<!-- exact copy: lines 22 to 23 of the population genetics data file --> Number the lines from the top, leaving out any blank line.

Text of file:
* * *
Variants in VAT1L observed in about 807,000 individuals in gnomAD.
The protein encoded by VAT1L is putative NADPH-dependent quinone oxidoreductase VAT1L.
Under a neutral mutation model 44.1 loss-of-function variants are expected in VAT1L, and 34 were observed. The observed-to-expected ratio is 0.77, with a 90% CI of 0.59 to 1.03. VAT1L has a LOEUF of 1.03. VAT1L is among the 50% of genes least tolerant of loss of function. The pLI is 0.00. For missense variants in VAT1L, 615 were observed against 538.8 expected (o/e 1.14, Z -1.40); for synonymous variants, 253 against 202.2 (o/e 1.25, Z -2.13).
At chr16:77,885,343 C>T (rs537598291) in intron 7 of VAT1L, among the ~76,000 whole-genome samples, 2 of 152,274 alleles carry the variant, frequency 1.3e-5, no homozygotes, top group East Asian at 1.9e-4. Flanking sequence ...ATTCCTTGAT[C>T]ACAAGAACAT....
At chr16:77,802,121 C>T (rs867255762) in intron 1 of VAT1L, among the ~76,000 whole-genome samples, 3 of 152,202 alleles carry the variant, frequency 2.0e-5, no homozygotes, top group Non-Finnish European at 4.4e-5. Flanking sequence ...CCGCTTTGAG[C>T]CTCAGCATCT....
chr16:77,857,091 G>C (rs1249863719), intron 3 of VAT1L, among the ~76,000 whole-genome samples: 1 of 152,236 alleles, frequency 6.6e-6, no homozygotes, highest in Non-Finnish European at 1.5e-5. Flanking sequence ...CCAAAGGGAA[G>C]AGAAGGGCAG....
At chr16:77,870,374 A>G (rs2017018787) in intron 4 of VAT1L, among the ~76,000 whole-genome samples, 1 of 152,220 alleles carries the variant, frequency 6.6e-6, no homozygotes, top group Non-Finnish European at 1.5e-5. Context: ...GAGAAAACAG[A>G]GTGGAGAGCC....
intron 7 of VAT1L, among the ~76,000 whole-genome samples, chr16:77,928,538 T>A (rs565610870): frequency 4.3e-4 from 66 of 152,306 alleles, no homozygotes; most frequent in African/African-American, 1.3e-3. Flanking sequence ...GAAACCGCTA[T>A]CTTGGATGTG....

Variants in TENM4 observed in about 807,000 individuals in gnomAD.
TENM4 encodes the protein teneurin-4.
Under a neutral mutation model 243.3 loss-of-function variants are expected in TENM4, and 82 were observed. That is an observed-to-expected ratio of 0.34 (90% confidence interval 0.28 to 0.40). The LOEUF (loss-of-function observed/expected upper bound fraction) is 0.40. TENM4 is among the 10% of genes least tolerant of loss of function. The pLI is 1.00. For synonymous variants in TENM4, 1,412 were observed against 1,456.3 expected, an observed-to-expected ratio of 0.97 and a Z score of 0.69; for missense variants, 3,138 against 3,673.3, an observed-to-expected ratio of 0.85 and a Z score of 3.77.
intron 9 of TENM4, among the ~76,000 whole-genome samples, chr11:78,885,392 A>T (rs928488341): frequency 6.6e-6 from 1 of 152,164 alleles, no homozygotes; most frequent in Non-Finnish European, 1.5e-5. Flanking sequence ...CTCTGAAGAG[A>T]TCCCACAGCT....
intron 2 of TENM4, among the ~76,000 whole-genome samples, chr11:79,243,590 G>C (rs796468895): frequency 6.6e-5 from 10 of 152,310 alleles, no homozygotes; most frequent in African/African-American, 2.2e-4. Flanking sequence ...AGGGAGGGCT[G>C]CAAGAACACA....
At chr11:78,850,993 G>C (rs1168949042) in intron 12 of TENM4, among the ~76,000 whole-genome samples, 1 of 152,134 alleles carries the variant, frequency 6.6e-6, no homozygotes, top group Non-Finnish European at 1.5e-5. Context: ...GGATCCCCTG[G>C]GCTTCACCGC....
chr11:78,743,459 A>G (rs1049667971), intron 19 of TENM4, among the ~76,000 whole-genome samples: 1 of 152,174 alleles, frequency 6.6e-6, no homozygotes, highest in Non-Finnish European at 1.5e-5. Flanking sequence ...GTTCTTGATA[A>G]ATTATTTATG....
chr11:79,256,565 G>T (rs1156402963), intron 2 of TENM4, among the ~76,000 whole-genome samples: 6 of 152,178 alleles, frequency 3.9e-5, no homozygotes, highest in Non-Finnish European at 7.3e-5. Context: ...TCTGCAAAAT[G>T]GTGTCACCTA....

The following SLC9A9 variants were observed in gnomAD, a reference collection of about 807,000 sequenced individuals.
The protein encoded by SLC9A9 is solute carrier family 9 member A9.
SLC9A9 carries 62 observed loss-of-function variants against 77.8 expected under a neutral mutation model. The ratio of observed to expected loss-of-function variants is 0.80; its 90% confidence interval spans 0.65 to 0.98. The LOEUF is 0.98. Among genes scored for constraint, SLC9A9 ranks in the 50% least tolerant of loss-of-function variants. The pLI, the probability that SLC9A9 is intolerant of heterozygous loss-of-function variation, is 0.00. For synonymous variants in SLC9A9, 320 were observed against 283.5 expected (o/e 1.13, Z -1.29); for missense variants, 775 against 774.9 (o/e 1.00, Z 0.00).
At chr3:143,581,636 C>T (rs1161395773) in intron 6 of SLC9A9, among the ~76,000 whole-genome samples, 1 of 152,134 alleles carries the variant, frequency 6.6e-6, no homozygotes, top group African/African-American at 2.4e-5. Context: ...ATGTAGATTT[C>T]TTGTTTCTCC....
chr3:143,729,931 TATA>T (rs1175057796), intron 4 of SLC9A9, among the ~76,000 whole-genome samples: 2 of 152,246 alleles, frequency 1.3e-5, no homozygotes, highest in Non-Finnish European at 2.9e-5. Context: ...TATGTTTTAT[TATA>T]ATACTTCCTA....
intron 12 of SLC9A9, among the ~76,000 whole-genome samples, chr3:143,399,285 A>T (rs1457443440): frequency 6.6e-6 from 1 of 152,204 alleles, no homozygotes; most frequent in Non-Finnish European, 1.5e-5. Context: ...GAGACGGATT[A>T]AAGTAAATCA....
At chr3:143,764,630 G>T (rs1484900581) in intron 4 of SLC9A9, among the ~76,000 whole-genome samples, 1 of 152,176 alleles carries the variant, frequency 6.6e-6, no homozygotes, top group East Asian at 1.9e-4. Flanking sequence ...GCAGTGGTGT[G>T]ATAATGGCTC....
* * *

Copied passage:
intron 12 of SLC9A9, among the ~76,000 whole-genome samples, chr3:143,399,285 A>T (rs1457443440): frequency 6.6e-6 from 1 of 152,204 alleles, no homozygotes; most frequent in Non-Finnish European, 1.5e-5. Context: ...GAGACGGATT[A>T]AAGTAAATCA....
At chr3:143,764,630 G>T (rs1484900581) in intron 4 of SLC9A9, among the ~76,000 whole-genome samples, 1 of 152,176 alleles carries the variant, frequency 6.6e-6, no homozygotes, top group East Asian at 1.9e-4. Flanking sequence ...GCAGTGGTGT[G>T]ATAATGGCTC....